Tag Archives: shibboleths

The Negative Canon: Introduction

A fellow contributor to the LinkedIn group Grammar Geeks, Bessel Dekker, has suggested the term negative canon for those features of English that are frequently the object of the attention of those in various Facebook groups and elsewhere who seek to tell us how to use our own language. They complain about current developments in the language, oblivious to the fact that such developments are sometimes far from new, and that English contains features that have come about through the type of changes in the past that they condemn in the present. We are asked to accept what they say because that’s their opinion or what they’ve always been taught.

A prominent characteristic of the negative canon is that it consists of a relatively small number of features which come up time and again, and are often of the kind that Geoffrey Pullum has called ‘the most intellectually trivial details of standard written English’.  As an example, Bessel has listed the following salient features of Afro-American Vernacular English:

(1) the multiple negative.
(2) nonstandard forms such as aks.
(3) absence the forms of be when it is a copula.
(4) uninflected be when it is an existential verb.
(5) word order which is different from that in Standard English.

His point is that of these five, only the first two are habitually seized upon. Other instances include sentence adverbs, where hopefully is often disdained, but all the others are ignored. Similarly, the pronunciation mischievious is thought to be an indication of moral decline and the end of civilisation as we know it, but, as Bessel has said, it is not the first, let alone the only, case were epenthesis has caused language change.

Bessel has therefore made an important distinction between the negative canon and what he has called the negative pool. While the latter consists of all instances that could be objected against, the former comprises the usual suspects which are in fact singled out. Thus, sadly as a sentence adverb, for example, would be in the negative pool only, while hopefully has made the negative canon. The composition of the negative canon, it seems, is quite arbitrary, which suggests that no that no systematic study underlies it.

Bessel has suggested a few criteria which give an item a good chance of being included in the negative canon. They are:

Primary
(a) the intelligibility criterion: objections against it should be easy to understand.
(b) the beaten path criterion: it should have been discussed before, the more frequently the better.
(c) the authority criterion: it should have been rejected or challenged by such writers as Lowth, Murray, Fowler, or Strunk.

Secondary
(d) the criterion from logic: it should be vulnerable to the argument that it flies in the face of ‘logic’.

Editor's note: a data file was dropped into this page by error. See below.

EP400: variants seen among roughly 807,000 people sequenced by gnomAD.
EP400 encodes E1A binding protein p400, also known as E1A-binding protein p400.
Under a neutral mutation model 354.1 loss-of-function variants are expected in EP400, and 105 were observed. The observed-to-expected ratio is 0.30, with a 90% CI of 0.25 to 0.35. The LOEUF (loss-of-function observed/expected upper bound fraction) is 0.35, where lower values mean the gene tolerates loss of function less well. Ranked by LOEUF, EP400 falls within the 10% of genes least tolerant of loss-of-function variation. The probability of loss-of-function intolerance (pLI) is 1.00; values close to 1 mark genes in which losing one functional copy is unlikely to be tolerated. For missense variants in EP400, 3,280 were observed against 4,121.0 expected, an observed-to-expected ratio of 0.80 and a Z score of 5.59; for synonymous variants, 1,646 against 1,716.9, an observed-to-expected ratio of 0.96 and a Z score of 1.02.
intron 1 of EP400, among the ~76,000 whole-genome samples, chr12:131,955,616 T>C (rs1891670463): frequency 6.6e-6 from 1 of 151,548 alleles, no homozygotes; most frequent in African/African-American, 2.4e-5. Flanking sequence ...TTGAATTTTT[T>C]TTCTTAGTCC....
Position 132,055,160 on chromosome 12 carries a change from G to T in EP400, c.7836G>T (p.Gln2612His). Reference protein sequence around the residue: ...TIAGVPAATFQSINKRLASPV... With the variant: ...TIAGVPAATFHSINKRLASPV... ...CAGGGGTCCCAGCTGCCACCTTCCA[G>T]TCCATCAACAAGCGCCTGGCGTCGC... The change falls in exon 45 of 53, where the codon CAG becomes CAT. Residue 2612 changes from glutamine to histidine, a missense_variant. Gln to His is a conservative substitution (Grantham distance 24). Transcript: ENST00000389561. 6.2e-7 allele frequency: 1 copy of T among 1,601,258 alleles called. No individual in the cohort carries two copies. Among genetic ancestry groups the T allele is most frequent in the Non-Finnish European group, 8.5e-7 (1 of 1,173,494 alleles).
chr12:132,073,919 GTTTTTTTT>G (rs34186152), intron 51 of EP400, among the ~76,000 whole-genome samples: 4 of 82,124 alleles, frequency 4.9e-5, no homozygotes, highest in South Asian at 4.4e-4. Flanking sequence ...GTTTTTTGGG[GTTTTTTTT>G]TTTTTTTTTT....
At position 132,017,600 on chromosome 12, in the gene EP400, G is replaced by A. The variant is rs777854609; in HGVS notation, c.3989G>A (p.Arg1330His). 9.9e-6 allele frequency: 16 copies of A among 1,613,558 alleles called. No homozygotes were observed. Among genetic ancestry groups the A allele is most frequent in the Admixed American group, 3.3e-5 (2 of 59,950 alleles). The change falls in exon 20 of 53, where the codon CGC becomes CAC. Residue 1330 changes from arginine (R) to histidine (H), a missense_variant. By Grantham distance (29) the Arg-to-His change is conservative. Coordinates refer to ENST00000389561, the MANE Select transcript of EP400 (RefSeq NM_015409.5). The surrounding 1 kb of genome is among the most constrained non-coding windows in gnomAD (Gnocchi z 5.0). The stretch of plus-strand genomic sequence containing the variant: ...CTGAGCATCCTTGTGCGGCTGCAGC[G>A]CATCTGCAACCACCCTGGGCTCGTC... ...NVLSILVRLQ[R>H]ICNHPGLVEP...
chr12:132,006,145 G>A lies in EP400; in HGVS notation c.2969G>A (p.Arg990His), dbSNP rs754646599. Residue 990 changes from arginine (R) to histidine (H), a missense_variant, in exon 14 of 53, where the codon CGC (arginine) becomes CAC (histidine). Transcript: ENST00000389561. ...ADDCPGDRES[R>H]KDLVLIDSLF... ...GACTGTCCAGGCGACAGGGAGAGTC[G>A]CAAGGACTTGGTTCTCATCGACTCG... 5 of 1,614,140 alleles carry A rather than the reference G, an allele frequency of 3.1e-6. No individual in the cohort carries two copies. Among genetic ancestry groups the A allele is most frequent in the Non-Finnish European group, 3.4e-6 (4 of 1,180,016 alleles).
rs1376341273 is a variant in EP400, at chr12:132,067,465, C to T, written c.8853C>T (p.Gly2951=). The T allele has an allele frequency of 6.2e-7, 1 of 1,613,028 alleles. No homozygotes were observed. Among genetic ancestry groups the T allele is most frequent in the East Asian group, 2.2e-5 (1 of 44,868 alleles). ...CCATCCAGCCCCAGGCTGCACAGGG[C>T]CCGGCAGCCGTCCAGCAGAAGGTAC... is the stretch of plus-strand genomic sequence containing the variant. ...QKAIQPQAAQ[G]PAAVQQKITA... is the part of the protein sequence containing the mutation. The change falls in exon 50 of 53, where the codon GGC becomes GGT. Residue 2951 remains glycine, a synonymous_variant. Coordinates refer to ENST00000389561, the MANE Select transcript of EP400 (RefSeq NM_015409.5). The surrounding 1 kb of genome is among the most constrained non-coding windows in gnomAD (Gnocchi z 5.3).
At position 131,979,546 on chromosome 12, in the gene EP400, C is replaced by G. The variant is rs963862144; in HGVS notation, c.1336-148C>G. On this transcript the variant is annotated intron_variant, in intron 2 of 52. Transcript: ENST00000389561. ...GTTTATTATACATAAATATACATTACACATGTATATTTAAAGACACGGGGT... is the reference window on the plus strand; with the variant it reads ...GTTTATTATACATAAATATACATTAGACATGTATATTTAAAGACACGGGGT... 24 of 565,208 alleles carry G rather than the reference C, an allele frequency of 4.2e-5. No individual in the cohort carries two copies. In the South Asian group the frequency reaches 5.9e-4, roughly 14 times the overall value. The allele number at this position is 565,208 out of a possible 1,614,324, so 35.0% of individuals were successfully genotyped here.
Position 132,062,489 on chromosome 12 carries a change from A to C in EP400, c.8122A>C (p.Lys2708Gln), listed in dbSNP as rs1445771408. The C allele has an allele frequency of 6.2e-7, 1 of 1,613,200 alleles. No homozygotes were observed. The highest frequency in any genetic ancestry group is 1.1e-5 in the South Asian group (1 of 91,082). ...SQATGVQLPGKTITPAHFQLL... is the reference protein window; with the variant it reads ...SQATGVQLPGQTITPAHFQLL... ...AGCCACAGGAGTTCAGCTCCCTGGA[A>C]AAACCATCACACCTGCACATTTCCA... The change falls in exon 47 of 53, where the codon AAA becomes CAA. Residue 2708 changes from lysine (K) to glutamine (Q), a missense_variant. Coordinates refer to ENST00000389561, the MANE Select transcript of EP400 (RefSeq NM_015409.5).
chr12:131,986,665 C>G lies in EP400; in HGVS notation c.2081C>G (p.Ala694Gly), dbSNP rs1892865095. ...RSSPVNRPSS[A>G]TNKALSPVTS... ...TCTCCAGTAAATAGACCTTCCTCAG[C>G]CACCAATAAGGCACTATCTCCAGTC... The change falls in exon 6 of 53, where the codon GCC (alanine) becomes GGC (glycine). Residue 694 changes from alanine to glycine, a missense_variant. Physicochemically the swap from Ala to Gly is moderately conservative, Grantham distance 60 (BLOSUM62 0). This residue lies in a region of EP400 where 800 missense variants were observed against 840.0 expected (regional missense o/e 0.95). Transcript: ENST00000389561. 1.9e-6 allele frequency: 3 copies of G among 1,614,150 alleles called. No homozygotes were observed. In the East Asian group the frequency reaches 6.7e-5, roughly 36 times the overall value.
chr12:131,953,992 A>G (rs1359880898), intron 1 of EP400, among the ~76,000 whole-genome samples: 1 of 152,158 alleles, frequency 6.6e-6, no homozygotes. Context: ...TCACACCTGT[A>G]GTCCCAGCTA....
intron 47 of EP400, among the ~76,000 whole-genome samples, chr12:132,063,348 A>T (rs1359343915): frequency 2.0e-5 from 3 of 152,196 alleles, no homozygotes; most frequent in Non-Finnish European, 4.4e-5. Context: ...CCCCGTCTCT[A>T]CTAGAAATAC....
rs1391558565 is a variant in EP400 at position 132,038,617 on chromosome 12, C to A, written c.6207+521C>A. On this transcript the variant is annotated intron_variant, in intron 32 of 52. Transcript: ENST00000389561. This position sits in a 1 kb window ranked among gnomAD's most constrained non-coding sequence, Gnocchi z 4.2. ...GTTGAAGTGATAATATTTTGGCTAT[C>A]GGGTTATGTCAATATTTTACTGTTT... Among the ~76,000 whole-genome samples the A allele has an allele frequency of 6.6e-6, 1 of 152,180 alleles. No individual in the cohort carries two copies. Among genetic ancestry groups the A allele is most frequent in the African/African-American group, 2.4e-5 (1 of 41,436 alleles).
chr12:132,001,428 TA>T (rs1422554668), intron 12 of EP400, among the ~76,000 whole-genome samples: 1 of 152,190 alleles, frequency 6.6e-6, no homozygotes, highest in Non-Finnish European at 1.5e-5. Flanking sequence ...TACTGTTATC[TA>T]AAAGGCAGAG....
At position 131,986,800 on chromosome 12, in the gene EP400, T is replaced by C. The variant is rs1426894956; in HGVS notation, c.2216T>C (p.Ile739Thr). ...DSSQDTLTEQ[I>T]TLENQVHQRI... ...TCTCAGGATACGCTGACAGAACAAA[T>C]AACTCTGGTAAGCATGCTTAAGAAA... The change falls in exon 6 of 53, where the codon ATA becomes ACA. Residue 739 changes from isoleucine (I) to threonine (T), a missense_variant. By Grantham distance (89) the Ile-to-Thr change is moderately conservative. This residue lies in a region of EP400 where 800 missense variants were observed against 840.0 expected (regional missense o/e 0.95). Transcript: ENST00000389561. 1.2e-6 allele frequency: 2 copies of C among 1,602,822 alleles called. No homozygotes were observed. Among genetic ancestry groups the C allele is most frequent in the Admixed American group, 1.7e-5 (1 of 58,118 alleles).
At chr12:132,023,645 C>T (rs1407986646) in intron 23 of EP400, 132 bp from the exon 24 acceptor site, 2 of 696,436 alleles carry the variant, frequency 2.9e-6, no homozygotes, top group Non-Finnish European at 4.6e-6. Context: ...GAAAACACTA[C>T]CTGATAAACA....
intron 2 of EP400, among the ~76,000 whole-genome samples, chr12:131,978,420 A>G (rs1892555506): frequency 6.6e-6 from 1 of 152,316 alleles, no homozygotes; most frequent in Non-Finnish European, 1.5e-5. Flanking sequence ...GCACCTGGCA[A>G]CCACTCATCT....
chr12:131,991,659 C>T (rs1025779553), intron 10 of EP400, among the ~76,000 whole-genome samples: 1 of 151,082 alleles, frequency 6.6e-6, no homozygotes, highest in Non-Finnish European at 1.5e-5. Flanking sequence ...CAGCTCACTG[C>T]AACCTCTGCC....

(e) the criterion from semantics, including etymology: it should be demonstrably subject to meaning shift (the ‘etymological fallacy’).
(f) the criterion from syntax: it should be demonstrably at variance with syntactic behaviour elsewhere.

It might, as Bessel has also suggested, be illuminating to compile an inventory of items that make up the negative canon and to trace each to its first source. That may be a little ambitious for Caxton, but in a series of forthcoming posts I plan to examine some of the usages in question in an attempt to disentangle fact from fiction, truth from prejudice, reality from fantasy. They can for convenience be considered under the headings of grammar, vocabulary, and orthography and punctuation. Negative canon posts will not be in any particular order, and not necessarily uninterrupted by unrelated posts.

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The Clerks are not Traitors

David Crystal expressed the view in ‘Rediscover Grammar’ that ‘all varieties of the [English] language have an intrinsic value and interest’. This is taken by some to mean ‘anything goes’, but, as he said on his blog  in reply to the British broadcaster John Humphrys,

. . . no linguist would ever say such a stupid thing – it goes totally against the principles of linguistics . . . it is the kind of glib phrase that people who don’t like linguists claim they say.

One commentator has described recognizing the linguistic validity of nonstandard varieties as a trahison des clercs, (‘a compromise of intellectual integrity by writers, artists, and thinkers’ – OED), but those who celebrate the diversity of English do not thereby undervalue its standard variety. Standard English (SE) enhances our career prospects, widens our social, intellectual and cultural horizons and makes us more likely to be taken seriously when we wish to pursue an argument, make a complaint or write to the newspapers. To deny that advantage in particular to those from underprivileged backgrounds is to contribute to the perpetuation of social inequality. It is certainly not, as some might still maintain, to inhibit creativity. Most major works of English literature have been written in the conventional language of their time.